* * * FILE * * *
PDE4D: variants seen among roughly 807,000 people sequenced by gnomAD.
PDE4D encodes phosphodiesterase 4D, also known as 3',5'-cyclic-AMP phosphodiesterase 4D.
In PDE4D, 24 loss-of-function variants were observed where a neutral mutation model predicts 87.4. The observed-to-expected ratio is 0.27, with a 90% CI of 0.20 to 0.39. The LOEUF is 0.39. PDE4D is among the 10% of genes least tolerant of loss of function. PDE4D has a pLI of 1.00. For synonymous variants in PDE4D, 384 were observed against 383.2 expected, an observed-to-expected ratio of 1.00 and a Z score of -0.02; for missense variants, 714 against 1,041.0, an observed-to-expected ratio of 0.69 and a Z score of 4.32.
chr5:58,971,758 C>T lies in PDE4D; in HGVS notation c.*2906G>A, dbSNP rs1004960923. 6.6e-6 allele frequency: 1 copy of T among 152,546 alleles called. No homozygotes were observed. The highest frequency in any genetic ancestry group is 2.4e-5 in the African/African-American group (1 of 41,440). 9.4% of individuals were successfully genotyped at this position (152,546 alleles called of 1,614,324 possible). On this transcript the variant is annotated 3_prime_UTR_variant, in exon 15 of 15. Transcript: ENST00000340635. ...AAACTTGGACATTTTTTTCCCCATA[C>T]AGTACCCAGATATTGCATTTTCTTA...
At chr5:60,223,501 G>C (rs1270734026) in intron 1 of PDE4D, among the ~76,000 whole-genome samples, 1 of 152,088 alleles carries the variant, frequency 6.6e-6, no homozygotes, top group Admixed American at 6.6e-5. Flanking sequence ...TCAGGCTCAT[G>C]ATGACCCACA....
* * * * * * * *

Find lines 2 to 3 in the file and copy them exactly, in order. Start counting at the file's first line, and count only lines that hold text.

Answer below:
PDE4D encodes phosphodiesterase 4D, also known as 3',5'-cyclic-AMP phosphodiesterase 4D.
In PDE4D, 24 loss-of-function variants were observed where a neutral mutation model predicts 87.4. The observed-to-expected ratio is 0.27, with a 90% CI of 0.20 to 0.39. The LOEUF is 0.39. PDE4D is among the 10% of genes least tolerant of loss of function. PDE4D has a pLI of 1.00. For synonymous variants in PDE4D, 384 were observed against 383.2 expected, an observed-to-expected ratio of 1.00 and a Z score of -0.02; for missense variants, 714 against 1,041.0, an observed-to-expected ratio of 0.69 and a Z score of 4.32.